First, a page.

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This article was originally published in Law360 and can be accessed here.

Leigh Crestohl, Partner

Stephanie Limaco, Foreign Lawyer

US efforts to “snapback” sanctions on Iran:
Uncertain lies the future for UK/EU-Iran trade relations

Despite having withdrawn from the "Iran nuclear deal" in May 2018, the US Trump Administration attempted last month to trigger its dispute resolution mechanism, colloquially known as snapback, designed to cause the UN Security Council to restore UN sanctions against Iran to the pre-2015 position.  This was resoundingly rejected by the Security Council, a further setback for the US after having failed to extend the arms embargo on Iran which under the deal is set to be lifted in October 2020.

These are significant developments in the realm of diplomacy and International relations.  However, the threat of a return to a multilateral Iran sanctions regime potentially raises important and serious issues for businesses trading with Iran, or seeking to do so.  The EU has been one of Iran’s largest global trading partners, and the continuing US pressure on Iran has had a big impact on EU / UK trade with Iran.  Given the global uncertainty this causes, and the effective control that the US has through its currency on the global payments system, EU and UK companies stand to be severely curtailed in their ability and willingness to do business with Iran.  

Companies, investors and their legal advisors, need to have a basic understanding of these issues and the legal, regulatory and compliance issues associated with economic sanctions, trade restrictions and export controls. The small measure of stability introduced by the multilateral and transnational process of the Iran Nuclear Deal in 2015 is jeopardised and potentially undermined by a new wave of US unilateralism. Fears that the US may bring diplomatic, trade and other pressure to bear on its European allies to expand sanctions against Iran is further a cause for concern and increased uncertainty, which is highly detrimental to international trade.

The Joint Comprehensive Plan of Action

The snapback procedure forms part of the Iran Nuclear Deal – formally known as the Joint Comprehensive Plan of Action (“JCPOA”) – signed in July 2015 by the US, the UK, France, Germany, China, Russia, the High Representative of the European Union for Foreign Affairs and Security Policy and Iran. By this deal, Iran agreed to limit its nuclear activities and not to seek, develop or acquire nuclear weapons. In exchange, UN Security Council sanctions as well as multilateral and national sanctions against Iran were to be lifted.

The JCPOA was endorsed by UN Security Council Resolution No 2231 dated 20 July 2015,[1] and includes a provision that the arms embargo on Iran would expire on 18 October 2020 (five years after the JCPOA Adoption Day).

Under the snapback procedure (JCPOA, Arts.  36 and 37), it is open to a JCPOA “participant State”, to allege a significant non-performance, and to request that the UN Security Council re-impose sanctions.  The ability of the US to trigger the snapback procedure is not free from doubt given that its withdrawal in May 2018 from the JCPOA would suggest on a plain reading that the US no longer qualifies as a “participant state”.  This is an issue presciently identified by Harold Hongju Koh, a former Dean of Yale Law School and a previous Legal Adviser at the US Department of State, in a book written in 2018.[2]  Significantly, the UK, France and Germany (known as the “E3”) adopt a similar view.[3]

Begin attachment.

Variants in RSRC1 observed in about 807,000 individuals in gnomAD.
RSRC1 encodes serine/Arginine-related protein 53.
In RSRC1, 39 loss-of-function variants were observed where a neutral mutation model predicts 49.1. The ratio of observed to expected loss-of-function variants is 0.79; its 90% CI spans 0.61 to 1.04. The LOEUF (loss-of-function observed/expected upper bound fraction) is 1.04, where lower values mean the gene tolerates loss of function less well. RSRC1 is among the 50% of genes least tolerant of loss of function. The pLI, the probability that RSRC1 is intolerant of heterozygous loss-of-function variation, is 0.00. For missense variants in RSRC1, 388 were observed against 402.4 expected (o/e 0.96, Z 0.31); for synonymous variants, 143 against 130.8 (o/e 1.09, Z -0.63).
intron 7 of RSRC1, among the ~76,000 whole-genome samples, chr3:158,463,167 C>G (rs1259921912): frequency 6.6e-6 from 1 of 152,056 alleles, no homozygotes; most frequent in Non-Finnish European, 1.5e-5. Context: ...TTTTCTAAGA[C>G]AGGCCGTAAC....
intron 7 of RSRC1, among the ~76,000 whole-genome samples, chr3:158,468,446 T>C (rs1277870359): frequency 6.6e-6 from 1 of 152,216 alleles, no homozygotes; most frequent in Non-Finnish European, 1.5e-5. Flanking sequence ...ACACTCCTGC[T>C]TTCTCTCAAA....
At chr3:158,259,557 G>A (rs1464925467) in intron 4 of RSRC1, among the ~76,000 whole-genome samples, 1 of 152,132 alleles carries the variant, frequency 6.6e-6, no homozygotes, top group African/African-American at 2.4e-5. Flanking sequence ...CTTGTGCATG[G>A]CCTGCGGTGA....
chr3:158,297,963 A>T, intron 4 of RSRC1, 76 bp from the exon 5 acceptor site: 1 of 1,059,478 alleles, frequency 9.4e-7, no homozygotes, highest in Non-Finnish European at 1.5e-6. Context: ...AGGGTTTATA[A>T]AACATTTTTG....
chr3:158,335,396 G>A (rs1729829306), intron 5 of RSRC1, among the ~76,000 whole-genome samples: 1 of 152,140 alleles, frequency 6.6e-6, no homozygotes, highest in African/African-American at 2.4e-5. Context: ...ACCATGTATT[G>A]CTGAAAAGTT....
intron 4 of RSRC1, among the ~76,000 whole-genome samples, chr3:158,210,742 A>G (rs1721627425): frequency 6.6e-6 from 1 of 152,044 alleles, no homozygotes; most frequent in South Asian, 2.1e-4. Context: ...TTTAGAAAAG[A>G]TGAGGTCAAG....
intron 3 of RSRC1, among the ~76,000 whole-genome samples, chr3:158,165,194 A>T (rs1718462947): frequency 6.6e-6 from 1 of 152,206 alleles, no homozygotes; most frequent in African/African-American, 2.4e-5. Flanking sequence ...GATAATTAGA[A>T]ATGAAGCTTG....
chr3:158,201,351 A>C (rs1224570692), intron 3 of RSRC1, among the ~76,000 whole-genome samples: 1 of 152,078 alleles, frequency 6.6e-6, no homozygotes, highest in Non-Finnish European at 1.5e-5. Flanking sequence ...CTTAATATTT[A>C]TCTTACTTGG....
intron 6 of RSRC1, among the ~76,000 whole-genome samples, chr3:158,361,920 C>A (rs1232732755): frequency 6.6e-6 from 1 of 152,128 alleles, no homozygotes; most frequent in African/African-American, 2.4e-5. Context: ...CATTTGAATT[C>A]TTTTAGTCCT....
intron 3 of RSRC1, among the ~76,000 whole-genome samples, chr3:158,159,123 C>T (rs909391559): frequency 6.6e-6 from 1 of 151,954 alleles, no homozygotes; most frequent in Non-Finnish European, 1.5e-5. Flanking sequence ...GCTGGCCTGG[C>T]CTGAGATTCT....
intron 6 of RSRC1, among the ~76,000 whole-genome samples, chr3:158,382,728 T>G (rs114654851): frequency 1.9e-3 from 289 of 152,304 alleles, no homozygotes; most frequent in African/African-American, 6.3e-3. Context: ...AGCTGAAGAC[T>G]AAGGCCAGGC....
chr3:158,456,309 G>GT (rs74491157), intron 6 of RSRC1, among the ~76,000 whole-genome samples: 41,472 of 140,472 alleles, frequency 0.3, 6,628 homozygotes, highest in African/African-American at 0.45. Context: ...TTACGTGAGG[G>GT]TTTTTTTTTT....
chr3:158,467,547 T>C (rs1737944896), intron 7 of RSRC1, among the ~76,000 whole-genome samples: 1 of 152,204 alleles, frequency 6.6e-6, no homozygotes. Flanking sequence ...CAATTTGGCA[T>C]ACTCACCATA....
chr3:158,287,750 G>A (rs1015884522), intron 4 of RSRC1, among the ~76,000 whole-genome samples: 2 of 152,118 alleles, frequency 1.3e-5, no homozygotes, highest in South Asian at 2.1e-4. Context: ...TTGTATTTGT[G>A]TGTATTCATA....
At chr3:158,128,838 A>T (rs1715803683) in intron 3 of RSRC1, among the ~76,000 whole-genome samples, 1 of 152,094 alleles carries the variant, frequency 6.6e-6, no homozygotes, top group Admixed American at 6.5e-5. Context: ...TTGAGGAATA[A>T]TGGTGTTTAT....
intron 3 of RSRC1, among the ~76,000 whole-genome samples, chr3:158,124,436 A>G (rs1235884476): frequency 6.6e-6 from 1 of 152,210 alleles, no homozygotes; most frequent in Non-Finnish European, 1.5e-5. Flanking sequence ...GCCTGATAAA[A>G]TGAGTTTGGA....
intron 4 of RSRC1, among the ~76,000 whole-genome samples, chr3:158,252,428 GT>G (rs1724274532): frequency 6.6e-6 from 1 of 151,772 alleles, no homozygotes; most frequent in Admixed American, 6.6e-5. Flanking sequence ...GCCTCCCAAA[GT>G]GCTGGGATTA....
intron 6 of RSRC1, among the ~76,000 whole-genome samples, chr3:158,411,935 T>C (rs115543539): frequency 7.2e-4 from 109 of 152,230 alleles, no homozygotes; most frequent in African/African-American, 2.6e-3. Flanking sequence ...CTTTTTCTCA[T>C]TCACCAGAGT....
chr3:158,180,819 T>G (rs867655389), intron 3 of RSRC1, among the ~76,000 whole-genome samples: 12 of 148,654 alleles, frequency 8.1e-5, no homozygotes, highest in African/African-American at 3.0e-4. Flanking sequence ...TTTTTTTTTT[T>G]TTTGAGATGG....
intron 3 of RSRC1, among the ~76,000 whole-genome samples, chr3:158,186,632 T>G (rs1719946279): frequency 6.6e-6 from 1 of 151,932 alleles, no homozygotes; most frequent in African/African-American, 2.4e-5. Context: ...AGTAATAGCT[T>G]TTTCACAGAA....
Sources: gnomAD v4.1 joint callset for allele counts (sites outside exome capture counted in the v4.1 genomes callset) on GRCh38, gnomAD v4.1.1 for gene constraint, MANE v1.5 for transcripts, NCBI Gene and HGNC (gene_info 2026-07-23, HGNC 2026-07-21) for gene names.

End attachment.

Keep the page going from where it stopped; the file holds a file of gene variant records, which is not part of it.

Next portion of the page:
US pressure on the European JCPOA participating parties

The attempt by the US to activate a snapback of sanctions, in the face of an obvious lack of support amongst Security Council members, demonstrates its resolve to exert maximum pressure on Iran. This has resulted in some diplomatic clashes and strong rhetoric directed at the European JCPOA parties (the “E3”), which continue to support the nuclear deal.

Despite US Ambassador Kelly Craft’s strong statement that they “now find themselves standing in the company of terrorists”,[4] the E3 participants have maintained a joint strategy that diverges from the more extreme American position.  Their view is that incidents of non-performance or breach should be addressed through international dialogue within the existing JCPOA framework, while nevertheless expressing concern about the impending end of the arms embargo whilst such issues remain unresolved.[5]  The UK’s position is that, together with France and Germany, it is “taking forward the JCPoA’s Dispute Resolution Mechanism negotiations, with the desire to bring Iran back into compliance with the agreement”.[6]

One can only speculate as to how matters may evolve, and what diplomatic discussions and negotiations might be taking place in the background.  The UK now finds itself in an invidious position given that it is trying to reach a post-Brexit trade deal with the EU on the one hand, and a trade deal with the US on the other. The US can potentially exert considerable “behind the scenes” influence in these matters. Former US National Security Advisor John Bolton in his recent memoirs revealed that the UK’s foreign secretary at meetings in Washington in 2018 was apparently happy to assist the Trump Administration in its policy on Venezuela, including by freezing assets in the Bank of England.[7]

Legal and Commercial Impact on UK / EU companies trading with Iran

Despite these pressures, the JCPOA has remained in place, although the situation is fragile, and the US withdrawal from the arrangement has undoubtedly had serious trade-related implications.  Not only has the US re-imposed Iran sanctions domestically on US-based parties, it has also imposed “secondary sanctions” which target and penalise parties extraterritorially for trading with Iran in a wide gamut of sectors, ranging from: energy, shipping, aviation, shipbuilding, to petroleum, petroleum products, iron, steel, aluminium and copper. Executive Order 13902, signed by President Trump on 10 January 2020, expanded this list to include construction, manufacturing, textiles and mining.